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Advancing Anti-Racism in the NICU

NICU families face enough obstacles, racism shouldn't be one of them.  Join us on the journey towards an anti-racist NICU by engaging with the resources and activities below.

Comprised of videos, podcasts, readings, and reflections, these activities are designed to prime your NICU team for conversations about racism. Activities are grouped into four tiers that mirror a neonatal growth trajectory, from ELBW, VLBW, Late Preterm to Full Term. We hope that these activities allow you to grow your understanding of how racism affects perinatal health outcomes and further your journey towards anti-racism in the NICU.

The activities on this page were curated in preparation for the 2021 CPQCC Improvement Palooza on "Advancing Anti-Racism in the NICU Through Teamwork and Family Centeredness" by the following members of the CPQCC QI Education Committee: Valencia Walker, MD; Jennifer Canvasser, MSW; and Elizabeth Rogers, MD. Watch highlights from Improvement Palooza>>

Tier One: ELBW

  1. WATCH a Ted Talk by Camara Jones, MD on "Allegories on Race and Racism"
  2. READ a perspective on "Stolen Breaths" in the New England Journal of Medicine by Rachel Hardeman, Ph.D., MPH, Eduardo Medina, MD, MPH, and Rhea Boyd, MD, MPH
  3. LISTEN to episode two of the Natal Stories podcast on "Understanding the History of the Black Birthing Crisis"
  4. WATCH a TEDMed Talk by Elizabeth Howell, MD on "Improving Maternal Healthcare"

Tier Two: VLBW

  1. WATCH "A Tale of Two Zip Codes" to learn more about how neighborhood can determine quality and length of life 
  2. WATCH "Housing Segregation and Redlining in America: A Short History" by NPR's Code Switch
  3. WATCH "Weathering: The effects of racism on pregnant women" by
  4. LEARN more by exploring and identifying data describing racial inequities in the care of preterm infants and REFLECT on what you've learned

Part 1:

  • Using the 2020 March of Dimes Report Card, identify differences in preterm birth rates and infant mortality rates for various racial and ethnic identity groups in the U.S.
  • Explore information presented in the 2020 March of Dimes Report Card about other Social Determinants of Health that may contribute to adverse health outcomes

Part 2:

  • Identify differences in preterm birth rates and infant mortality rates for various racial and ethnic identity groups in the state where your NICU is located using the 2020 March of Dimes Report Card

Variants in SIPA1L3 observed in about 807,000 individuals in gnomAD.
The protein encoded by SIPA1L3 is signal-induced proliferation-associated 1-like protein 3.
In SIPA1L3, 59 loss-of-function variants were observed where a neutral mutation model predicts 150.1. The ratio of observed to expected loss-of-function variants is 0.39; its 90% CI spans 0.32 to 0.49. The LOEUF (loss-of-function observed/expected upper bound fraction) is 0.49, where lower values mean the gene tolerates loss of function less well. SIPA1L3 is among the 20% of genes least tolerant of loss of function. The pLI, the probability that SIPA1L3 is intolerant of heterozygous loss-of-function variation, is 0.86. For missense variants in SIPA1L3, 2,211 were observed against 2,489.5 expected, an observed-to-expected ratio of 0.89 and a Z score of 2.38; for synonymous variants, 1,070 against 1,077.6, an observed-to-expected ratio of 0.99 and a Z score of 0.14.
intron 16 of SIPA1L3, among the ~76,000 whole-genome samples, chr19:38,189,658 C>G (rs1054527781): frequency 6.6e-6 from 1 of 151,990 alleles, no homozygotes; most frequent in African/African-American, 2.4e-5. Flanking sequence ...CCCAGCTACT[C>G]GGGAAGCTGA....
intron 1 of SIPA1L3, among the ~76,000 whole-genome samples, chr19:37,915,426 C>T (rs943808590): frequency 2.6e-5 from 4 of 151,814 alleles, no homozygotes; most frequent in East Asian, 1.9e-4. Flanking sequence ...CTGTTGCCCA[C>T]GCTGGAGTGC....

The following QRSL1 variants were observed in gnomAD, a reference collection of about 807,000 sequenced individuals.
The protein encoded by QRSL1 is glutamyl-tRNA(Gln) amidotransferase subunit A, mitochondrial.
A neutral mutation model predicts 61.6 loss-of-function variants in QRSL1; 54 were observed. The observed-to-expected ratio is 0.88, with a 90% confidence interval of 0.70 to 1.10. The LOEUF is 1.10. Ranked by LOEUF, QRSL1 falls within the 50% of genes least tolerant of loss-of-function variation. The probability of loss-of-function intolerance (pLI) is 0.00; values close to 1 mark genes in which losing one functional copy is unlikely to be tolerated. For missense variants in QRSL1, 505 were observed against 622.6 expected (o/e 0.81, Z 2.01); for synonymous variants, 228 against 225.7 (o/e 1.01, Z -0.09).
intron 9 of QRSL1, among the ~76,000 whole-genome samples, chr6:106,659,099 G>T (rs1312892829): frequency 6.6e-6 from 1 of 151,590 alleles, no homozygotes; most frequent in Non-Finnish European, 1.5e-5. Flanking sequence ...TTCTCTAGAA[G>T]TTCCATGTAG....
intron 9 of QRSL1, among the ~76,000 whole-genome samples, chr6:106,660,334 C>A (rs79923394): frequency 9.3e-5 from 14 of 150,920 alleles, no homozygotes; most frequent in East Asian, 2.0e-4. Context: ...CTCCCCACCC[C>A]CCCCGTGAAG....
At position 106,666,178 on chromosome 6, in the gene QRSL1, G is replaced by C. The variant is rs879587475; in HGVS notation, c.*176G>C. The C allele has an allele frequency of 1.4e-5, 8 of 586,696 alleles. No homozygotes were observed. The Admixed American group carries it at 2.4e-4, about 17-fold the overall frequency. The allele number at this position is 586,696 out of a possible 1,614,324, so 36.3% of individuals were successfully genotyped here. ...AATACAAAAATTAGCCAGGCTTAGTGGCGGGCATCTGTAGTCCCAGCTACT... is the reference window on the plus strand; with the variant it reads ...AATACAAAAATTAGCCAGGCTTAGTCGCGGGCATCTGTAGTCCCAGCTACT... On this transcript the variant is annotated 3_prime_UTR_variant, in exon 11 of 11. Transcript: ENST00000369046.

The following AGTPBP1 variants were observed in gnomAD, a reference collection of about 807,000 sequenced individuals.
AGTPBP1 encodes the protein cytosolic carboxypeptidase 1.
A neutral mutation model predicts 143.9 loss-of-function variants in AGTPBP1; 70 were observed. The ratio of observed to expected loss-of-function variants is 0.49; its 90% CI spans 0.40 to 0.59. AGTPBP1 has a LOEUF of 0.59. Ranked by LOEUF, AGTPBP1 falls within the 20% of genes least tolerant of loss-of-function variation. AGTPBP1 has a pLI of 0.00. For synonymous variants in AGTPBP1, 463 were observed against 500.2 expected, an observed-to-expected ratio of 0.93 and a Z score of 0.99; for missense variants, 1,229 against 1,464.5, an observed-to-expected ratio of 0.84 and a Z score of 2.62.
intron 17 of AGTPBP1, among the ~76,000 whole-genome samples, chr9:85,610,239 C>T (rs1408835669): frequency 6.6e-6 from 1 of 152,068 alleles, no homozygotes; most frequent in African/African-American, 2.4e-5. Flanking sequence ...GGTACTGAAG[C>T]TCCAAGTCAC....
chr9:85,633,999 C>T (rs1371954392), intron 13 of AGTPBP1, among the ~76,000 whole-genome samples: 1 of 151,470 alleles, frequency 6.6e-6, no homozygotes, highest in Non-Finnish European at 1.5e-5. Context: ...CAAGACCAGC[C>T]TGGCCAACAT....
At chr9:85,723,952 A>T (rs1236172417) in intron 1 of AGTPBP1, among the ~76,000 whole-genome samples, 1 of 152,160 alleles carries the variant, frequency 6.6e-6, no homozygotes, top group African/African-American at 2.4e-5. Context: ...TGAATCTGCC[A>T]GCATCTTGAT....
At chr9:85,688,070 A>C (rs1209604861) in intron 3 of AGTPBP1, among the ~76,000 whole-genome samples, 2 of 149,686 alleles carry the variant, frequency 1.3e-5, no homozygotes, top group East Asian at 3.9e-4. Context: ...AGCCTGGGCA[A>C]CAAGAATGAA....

• Using your own NICU’s data, identify whether or not disparities in infant mortality rates exist for babies of different racial and ethnic identity groups
  • Using the 2020 March of Dimes Report Card or your local Department of Public Health’s data, determine whether or not differences in preterm birth rates and infant mortality rates vary by racial and ethnic identity groups in the state where your NICU is located

Part 3:

Tier Three: Late Preterm

  • READ a systemic review on "Racial/Ethnic Disparities in the NICU" in Pediatrics (2018) 
  • LISTEN to Episode 43 of the Birth Stories in Color Podcast titled "Saul's Light"
  • LISTEN to the "Starting the Conversation: Racial Disparity in the NICU" episode of the NANNcast Podcast
  • READ "Birthing While Black" by Swapna Venugopal Ramaswamy
  • READ "Racism Causes Preterm Birth" from the book EARLY: An Intimate History of Premature Birth and What It Teaches Us About Being Human by Sarah DiGregorio. Copyright© 2020 by Sarah DiGregorio. Courtesy of HarperCollins Publishers.
  • REFLECT on what you've learned through the activities in this tier by completing the reflection exercise 

Tier Four: Full Term

  • READ"When Antiracism Becomes Trauma" by Jessica Isom, MD, MPH
  • LEARN by exploring "Beyond Labels: Doing Your Part to Reduce Stigma" from the March of Dimes
  • APPLY what you've learned in real life and REFLECT on the experience
    • Part 1: What is a common way that you and/or your team members engage in stigmatizing behaviors/use stigmatizing language that can perpetuate bias and racism in the NICU?
    • Part 2: Make an effort to interrupt/redirect/extinguish these stigmatizing behaviors at least once prior to attending this conference
    • Part 3: Complete this reflection exercise 
  • WATCH Amanda Gorman, National Youth Poet Laureate and a former preterm infant from California, deliver a TEDEd talk on how "Using Your Voice is a Political Choice"

Photo of UCSF ICN Microaggression Board.